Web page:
Danny Driver at Wigmore Hall – Handel, Adès, Beethoven (Opus 101), C. P. E. Bach, Schumann’s Fantasy

Suite in E, HWV430
Thomas Adès
Piano Sonata No.28 in A, Op.101
Carl Philipp Emanuel Bach
Fantasia in F sharp minor, Wq67
Fantasy in C, Op 17

Danny Driver (piano)

Reviewed by: Robert Matthew-Walker

Reviewed: 15 October, 2014
Venue: Wigmore Hall, London

Danny Driver. Photograph: Richard HaughtonThis country is blessed with several exceptional pianists of the younger generation, of whom Danny Driver most assuredly is one. Indeed, the more I hear of Driver, the higher my opinion of him rises. His Wigmore Hall programme had been planned with no little artistry and insight, and his wonderfully controlled and expressive playing throughout, allied to a superb technique and deep musical feeling, are qualities not often encountered in pianists of any generation.

Driver’s recordings for Hyperion equally betoken an intelligent and gifted musician, including recordings of music by York Bowen, Erik Chisholm and C. P. E. Bach, so it was natural that he should choose music by a British composer as well as that particular Bach (in the latter’s tercentenary year) plus masterworks by Handel, Beethoven and Schumann.

As it happens, there seemed to be a deep underlying unity in Driver’s programming, although one ought not to go looking for connections for the sake of it. Driver began with Handel’s famous Suite in E, which ends with his most familiar set of variations, ‘The Harmonious Blacksmith’. This was given a most sensitive reading, played with fine accuracy and due regard for the composer’s intention – albeit, at 300 years distance, more an approximation in sonic terms, of course. Nonetheless, this was as fine a performance on the modern concert grand of the complete Suite as one may hear, musically and technically.

Thomas Adès’s three Mazurkas were written for Emanuel Ax. It seems that by an astonishing coincidence these pieces were being performed elsewhere in London at the same time, in a recital by Richard Uttley at The Forge in Camden Town. Driver brought considerable artistic quality to his playing of these contrasted pieces, which suggested that Adès has used the term ‘Mazurka’ to mean whatever he wants it to mean, although No.2 – the fastest – certainly had a recognisably mazurka rhythm within the texture. The longer, and much slower, last one seemed – like the first – to be merely a piece of piano music in triple time, the concluding piece leaving a feeling that the set of three is unfinished; a final fourth, faster and no more than three minutes in duration, would complete the group more convincingly.

Beethoven’s Sonata Opus 101 is a pivotal work in many ways: it looks back to Bach (and Handel – whom Beethoven revered) and forward to Schumann and beyond. It may well be true that young pianists ought not to essay late Beethoven, but if they are to do so, they should begin with the A major. Driver in many ways had the measure of this incomparable masterpiece, perhaps falling a little short of the ideal in the opening movement, so difficult to judge perfectly in its combination of an almost Chopinesque feel of the emerging Romantic movement allied to underlying structural and organic unity. The second-movement march was excellent, and the final fugue was delineated with impeccable style and taste, held together with a firm yet not unyielding rhythmic control. The concluding cadence was superbly right.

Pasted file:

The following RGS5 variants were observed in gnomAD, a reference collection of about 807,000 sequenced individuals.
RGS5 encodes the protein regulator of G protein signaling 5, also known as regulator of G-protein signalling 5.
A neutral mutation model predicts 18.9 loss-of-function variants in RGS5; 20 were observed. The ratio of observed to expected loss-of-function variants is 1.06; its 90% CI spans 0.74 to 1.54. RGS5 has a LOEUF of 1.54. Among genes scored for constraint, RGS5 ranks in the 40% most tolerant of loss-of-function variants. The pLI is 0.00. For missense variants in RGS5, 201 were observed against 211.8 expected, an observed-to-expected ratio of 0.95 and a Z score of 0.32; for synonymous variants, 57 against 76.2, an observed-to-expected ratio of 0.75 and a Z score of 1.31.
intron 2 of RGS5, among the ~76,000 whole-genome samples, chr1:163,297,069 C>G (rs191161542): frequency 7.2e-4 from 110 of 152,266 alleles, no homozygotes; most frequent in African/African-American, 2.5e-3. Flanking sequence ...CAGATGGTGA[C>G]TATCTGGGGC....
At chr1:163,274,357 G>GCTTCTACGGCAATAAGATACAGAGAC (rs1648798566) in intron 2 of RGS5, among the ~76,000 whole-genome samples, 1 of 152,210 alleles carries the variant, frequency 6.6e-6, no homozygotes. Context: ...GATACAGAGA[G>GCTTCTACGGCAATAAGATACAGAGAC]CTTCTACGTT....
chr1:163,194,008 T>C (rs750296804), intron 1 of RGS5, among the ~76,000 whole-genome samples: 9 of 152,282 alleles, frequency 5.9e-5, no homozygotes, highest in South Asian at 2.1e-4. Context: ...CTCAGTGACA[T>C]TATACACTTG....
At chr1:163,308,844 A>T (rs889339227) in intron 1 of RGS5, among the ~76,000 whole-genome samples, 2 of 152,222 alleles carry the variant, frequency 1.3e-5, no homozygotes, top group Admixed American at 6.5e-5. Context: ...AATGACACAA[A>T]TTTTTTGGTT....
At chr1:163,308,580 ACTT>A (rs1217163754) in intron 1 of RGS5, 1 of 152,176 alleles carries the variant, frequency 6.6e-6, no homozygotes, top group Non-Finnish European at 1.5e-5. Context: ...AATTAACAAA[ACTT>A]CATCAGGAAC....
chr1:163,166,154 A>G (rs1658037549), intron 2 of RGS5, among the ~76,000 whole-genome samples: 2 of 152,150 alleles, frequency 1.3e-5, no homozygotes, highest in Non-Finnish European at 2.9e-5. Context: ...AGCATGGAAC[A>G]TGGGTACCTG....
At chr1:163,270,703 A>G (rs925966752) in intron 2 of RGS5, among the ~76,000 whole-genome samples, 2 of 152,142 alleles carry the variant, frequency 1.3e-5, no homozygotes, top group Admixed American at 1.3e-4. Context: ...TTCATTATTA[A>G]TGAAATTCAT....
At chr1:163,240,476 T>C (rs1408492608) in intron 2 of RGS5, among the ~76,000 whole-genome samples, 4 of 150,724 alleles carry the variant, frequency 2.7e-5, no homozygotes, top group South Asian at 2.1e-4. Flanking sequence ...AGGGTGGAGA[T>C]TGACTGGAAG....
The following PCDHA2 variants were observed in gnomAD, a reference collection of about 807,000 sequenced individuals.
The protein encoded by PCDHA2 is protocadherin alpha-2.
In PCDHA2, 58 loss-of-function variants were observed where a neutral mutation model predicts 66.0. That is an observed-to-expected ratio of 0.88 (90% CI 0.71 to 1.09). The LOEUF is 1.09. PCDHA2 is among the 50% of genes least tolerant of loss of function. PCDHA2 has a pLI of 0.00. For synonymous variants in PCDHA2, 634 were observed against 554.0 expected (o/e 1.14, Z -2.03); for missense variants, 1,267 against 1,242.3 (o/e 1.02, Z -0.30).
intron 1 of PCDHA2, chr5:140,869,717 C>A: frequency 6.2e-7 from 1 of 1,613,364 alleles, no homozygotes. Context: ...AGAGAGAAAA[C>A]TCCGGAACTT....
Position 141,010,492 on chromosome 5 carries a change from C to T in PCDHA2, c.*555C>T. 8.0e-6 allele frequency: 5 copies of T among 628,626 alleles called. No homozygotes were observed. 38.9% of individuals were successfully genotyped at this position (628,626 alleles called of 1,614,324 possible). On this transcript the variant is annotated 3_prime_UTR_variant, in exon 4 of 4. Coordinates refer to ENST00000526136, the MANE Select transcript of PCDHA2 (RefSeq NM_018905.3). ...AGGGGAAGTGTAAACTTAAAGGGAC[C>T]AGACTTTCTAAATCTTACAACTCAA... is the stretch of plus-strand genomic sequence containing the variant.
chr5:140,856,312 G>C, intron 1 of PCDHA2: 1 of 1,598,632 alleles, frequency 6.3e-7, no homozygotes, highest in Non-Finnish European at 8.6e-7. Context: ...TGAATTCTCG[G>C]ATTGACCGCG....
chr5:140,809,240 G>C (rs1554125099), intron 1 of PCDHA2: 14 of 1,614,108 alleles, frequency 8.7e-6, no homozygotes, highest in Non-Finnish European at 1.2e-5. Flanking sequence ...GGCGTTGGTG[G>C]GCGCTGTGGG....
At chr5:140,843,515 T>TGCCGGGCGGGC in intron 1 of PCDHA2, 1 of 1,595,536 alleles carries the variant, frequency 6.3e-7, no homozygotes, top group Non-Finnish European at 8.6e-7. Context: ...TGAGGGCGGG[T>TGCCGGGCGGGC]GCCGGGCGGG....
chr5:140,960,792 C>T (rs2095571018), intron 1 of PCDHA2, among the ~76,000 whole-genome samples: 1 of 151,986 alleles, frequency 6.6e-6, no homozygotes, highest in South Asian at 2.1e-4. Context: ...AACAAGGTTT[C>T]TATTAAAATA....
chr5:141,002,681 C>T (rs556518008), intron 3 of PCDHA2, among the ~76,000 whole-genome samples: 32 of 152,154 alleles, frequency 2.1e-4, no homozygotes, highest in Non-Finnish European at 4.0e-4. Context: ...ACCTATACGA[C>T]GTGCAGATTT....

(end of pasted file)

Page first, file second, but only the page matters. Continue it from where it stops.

The origins of the Romantic movement can be found in the Age of Enlightenment, and if Carl Philipp Emanuel Bach’s music occasionally bears out Basil Lam’s claim that the surprises in his works are the consequence of adopting “a too-easy style in which anything can happen”, the music certainly demands a degree of re-creativity on the part of the interpreter so as to – as with Beethoven’s rather absurd Fantasy (Opus 77) – make sense of these apparently haphazard events. This is music by no means easily-interpreted. C. P. E.’s wholly remarkable F sharp minor Fantasia, a 12-minute ménage, demands much from the interpreter in order to make a coherent piece. Driver was able to add the necessary distinction to the composer’s quirky personality, resulting in a highly effective recreation that would satisfy the most assiduous of musicological moles.

All of these pieces seemed to lead to the last unalloyed masterpiece in this recital: Schumann’s great C major Fantasy. This was faultlessly performed – Driver’s technique is very sure, and he possesses a very high degree of imagination and a sensitive range of touch: all ideal qualities for performing Schumann. Such changes of mood and character as the music contains were brought off perfectly, whilst the quiet tenderness of the more restrained passages were as beautifully expressed as was the exuberant drive of the more passionate ones.

This was a marvellous performance, Driver being fully equal to all the demands of dynamics and variety in tone. By way of a richly deserved encore, more Schumann – the fourth of the Nachtstűcke (Opus 23) – revealing Driver’s sensitivity to the fine shades of poetry this relatively little-known music requires.

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